Lampreys deep-six their genomes during development

August 26, 2012 • 5:43 am

One of the most bizarre phenomena uncovered since we’ve been able to sequence genomes is that of “programmed genome rearrangement” (PGR), whereby an animal starts its life as a zygote with a full genome, and then some of its genes are lost from the somatic (body) cells as development proceeds.   This has been seen in organisms as diverse as flies, hagfish, zebra finches, and, especially, ciliate protozoans, which extensively remodel their genomes during development, getting rid of repetitive DNA elements (“satellite DNA”).

It’s not entirely clear why this happens, but what is clear is that in organisms like us that whose somatic cells are segregated from the germ cells (cells that produce our sperm and eggs) gene loss doesn’t occur in germ cells. It couldn’t, for if those genes did have functions in the germ tissue, they’d be irrevocably lost in the next generation. In fact, if you find a gene present in germ cells but not somatic cells, because it’s lost in the latter, that gene almost certainly does something in germ cells.

Gene loss has also been described previously in the hagfish, a jawless vertebrate that, together with lampreys, make up the monophyletic group cyclostomes. Here’s a hagfish:

But the most comprehensive study yet of programmed genome reduction was just published by Jeremiah Smith and three colleagues in Current Biology (reference below). Building on previous but less comprehensive work suggesting that from development of egg to adult, the sea lamprey (Petromyzon marinus) lost about 20% of its genes in body tissues (while retaining them all in the germ line), Smith et al. sequenced DNA from both germ tissues and body tissues of single individuals. Here’s are two sea lampreys on a brown trout: they’re parasitic on fish and usually kill them by sucking blood:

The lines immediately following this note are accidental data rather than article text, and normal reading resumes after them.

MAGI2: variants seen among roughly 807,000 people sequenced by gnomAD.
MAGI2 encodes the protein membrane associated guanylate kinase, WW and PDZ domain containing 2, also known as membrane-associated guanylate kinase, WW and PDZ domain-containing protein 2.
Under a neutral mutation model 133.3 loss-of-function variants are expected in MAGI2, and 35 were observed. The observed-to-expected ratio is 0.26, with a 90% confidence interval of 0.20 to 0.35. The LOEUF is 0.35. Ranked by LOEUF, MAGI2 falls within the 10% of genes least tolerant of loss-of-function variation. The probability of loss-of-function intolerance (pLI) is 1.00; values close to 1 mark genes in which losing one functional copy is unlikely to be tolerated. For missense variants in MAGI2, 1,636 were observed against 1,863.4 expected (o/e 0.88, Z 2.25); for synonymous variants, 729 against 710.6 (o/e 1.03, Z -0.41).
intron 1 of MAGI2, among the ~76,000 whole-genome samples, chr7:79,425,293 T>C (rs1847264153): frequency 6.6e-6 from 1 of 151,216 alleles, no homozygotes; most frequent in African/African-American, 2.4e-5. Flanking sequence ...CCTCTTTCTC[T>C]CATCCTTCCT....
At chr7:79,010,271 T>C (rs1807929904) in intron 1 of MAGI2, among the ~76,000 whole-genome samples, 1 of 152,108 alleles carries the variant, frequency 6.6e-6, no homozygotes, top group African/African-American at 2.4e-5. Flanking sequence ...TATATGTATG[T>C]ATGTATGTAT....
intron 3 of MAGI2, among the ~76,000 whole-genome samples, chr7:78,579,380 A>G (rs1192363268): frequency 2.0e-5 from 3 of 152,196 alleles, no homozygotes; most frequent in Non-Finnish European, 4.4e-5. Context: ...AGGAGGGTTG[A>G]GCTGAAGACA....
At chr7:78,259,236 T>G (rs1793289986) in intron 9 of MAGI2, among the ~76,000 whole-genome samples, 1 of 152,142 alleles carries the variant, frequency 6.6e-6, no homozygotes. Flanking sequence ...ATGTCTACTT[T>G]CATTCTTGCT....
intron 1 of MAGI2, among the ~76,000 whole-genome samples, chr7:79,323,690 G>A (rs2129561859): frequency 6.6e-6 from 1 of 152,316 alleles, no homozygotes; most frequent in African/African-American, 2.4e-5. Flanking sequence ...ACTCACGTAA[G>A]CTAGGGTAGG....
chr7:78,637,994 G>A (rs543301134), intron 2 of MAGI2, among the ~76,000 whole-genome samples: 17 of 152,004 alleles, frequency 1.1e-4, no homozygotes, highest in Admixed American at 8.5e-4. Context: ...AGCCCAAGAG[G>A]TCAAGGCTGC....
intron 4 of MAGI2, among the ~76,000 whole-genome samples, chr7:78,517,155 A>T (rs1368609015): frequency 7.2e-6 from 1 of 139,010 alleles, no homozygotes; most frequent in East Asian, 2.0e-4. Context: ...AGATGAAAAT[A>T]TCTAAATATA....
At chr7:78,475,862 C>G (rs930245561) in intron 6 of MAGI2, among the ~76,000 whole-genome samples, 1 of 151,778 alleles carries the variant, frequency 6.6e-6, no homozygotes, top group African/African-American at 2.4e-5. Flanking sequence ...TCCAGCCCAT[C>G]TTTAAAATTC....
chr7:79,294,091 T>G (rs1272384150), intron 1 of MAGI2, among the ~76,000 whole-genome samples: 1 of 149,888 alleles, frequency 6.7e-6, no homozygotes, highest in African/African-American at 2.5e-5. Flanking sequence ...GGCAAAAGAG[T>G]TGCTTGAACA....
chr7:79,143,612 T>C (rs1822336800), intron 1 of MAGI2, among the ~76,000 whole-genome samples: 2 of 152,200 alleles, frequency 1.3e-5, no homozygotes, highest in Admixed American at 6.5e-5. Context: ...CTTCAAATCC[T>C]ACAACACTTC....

The authors sequenced DNA from body tissues (and blood) as well as germline tissue (sperm), and also looked at the RNA transcripts.  What they found was this:

  • 13% of DNA sequences found in the germline were missing in body tissues, roughly consonant with the 20%  reported in previous work on this species.
  • The genes eliminated from the DNA during development—and we’re not quite sure how this happens— included not just repeated satellite DNA, but real, single-copy genes that have functions.  Eight genes were identified that were active in germ cells but not somatic cells, and there are undoubtedly more.
  • The functions of these genes in germ cells give one clue why they might be eliminated in body cells. (The genes include APOBEC-1 Complementation Factor, RNA Binding Motif 46 [cancer/testis antigen 68], and two “zinc finger” proteins.) The authors note that these genes do act very early in development to segregate the germ cells from the body cells, and have other unknown functions in the germline—they could, for example, be involved in crossing-over between chromosomes or the production of sperm and eggs themselves.
  • Why, then are those genes eliminated from body cells? The authors suggest that genes like those identified above have crucial functions either in germ cells or in segregating germ cells from body cells early in development, but might be deleterious within body cells, perhaps because their bad effects—in particular, in causing cancers—outweigh any good effects. In other words, there’s a conflict within the bodies of lampreys and hagfish between germ and body cells. The way evolution appears to have resolved this conflict is to simply get rid of the “bad” body genes during development.  An alternative strategy would be to “silence” those genes in the body tissues—prevent their expression in non-germ cells—and I’m not sure why they’re removed rather than silenced. (It might be evolutionarily “easier” to snip out genes than silence them, but yet many species, including ourselves, have ways of silencing different genes in different tissues without removing those genes from the DNA. The reason different tissues are different is because they express different sets of genes.)

Many questions remain.  Are those genes eliminated from body cells in fact deleterious if they remain in body cells? If so, why do they remain active in the bodies of non-jawless vertebrates, like ourselves?  Second, if they’re harmful in the body, how are they harmful? Do they cause disease, or do they simply impose a useless metabolic and somatic burden?  Third, is this phenomenon of PGR an ancestral condition, since jawless vertebrates are the descendants of the earliest vertebrates, or has it evolved secondarily in those lineages? As the authors note: